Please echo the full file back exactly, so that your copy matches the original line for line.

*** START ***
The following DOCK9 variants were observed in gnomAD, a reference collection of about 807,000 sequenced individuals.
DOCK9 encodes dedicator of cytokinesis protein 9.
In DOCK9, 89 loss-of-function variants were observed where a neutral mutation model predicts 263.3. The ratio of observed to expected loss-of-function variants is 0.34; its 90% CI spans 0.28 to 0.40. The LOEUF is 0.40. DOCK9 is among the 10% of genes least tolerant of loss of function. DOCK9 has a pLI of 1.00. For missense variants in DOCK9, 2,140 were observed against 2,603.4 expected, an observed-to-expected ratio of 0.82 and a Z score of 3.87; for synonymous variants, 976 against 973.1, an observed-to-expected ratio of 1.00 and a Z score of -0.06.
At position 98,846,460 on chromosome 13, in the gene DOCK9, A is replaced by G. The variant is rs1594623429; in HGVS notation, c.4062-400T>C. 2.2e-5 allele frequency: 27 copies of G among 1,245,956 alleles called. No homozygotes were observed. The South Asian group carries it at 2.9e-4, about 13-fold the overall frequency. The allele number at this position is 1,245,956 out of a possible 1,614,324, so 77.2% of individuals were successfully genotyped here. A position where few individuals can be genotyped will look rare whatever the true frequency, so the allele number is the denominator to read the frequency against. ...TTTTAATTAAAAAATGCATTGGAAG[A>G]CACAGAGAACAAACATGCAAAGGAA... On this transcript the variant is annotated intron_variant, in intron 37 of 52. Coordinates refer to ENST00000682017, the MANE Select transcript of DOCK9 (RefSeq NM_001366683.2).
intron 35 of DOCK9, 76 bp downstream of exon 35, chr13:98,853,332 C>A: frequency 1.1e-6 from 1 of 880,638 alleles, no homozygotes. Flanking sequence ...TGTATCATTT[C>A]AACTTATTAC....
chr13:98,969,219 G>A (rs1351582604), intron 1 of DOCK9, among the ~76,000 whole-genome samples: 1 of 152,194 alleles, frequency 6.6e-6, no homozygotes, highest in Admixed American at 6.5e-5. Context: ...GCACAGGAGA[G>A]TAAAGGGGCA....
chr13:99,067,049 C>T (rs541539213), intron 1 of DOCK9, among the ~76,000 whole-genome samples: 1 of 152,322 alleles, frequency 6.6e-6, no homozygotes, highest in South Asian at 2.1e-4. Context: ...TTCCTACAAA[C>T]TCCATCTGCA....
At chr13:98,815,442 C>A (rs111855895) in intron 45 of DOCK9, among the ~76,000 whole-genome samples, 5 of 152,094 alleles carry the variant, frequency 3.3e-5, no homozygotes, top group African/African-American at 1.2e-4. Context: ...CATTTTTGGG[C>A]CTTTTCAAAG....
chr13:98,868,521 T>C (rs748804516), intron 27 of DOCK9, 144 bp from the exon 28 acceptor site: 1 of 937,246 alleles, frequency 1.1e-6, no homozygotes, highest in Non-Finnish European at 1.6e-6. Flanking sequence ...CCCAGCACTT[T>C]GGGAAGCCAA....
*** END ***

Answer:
The following DOCK9 variants were observed in gnomAD, a reference collection of about 807,000 sequenced individuals.
DOCK9 encodes dedicator of cytokinesis protein 9.
In DOCK9, 89 loss-of-function variants were observed where a neutral mutation model predicts 263.3. The ratio of observed to expected loss-of-function variants is 0.34; its 90% CI spans 0.28 to 0.40. The LOEUF is 0.40. DOCK9 is among the 10% of genes least tolerant of loss of function. DOCK9 has a pLI of 1.00. For missense variants in DOCK9, 2,140 were observed against 2,603.4 expected, an observed-to-expected ratio of 0.82 and a Z score of 3.87; for synonymous variants, 976 against 973.1, an observed-to-expected ratio of 1.00 and a Z score of -0.06.
At position 98,846,460 on chromosome 13, in the gene DOCK9, A is replaced by G. The variant is rs1594623429; in HGVS notation, c.4062-400T>C. 2.2e-5 allele frequency: 27 copies of G among 1,245,956 alleles called. No homozygotes were observed. The South Asian group carries it at 2.9e-4, about 13-fold the overall frequency. The allele number at this position is 1,245,956 out of a possible 1,614,324, so 77.2% of individuals were successfully genotyped here. A position where few individuals can be genotyped will look rare whatever the true frequency, so the allele number is the denominator to read the frequency against. ...TTTTAATTAAAAAATGCATTGGAAG[A>G]CACAGAGAACAAACATGCAAAGGAA... On this transcript the variant is annotated intron_variant, in intron 37 of 52. Coordinates refer to ENST00000682017, the MANE Select transcript of DOCK9 (RefSeq NM_001366683.2).
intron 35 of DOCK9, 76 bp downstream of exon 35, chr13:98,853,332 C>A: frequency 1.1e-6 from 1 of 880,638 alleles, no homozygotes. Flanking sequence ...TGTATCATTT[C>A]AACTTATTAC....
chr13:98,969,219 G>A (rs1351582604), intron 1 of DOCK9, among the ~76,000 whole-genome samples: 1 of 152,194 alleles, frequency 6.6e-6, no homozygotes, highest in Admixed American at 6.5e-5. Context: ...GCACAGGAGA[G>A]TAAAGGGGCA....
chr13:99,067,049 C>T (rs541539213), intron 1 of DOCK9, among the ~76,000 whole-genome samples: 1 of 152,322 alleles, frequency 6.6e-6, no homozygotes, highest in South Asian at 2.1e-4. Context: ...TTCCTACAAA[C>T]TCCATCTGCA....
At chr13:98,815,442 C>A (rs111855895) in intron 45 of DOCK9, among the ~76,000 whole-genome samples, 5 of 152,094 alleles carry the variant, frequency 3.3e-5, no homozygotes, top group African/African-American at 1.2e-4. Context: ...CATTTTTGGG[C>A]CTTTTCAAAG....
chr13:98,868,521 T>C (rs748804516), intron 27 of DOCK9, 144 bp from the exon 28 acceptor site: 1 of 937,246 alleles, frequency 1.1e-6, no homozygotes, highest in Non-Finnish European at 1.6e-6. Flanking sequence ...CCCAGCACTT[T>C]GGGAAGCCAA....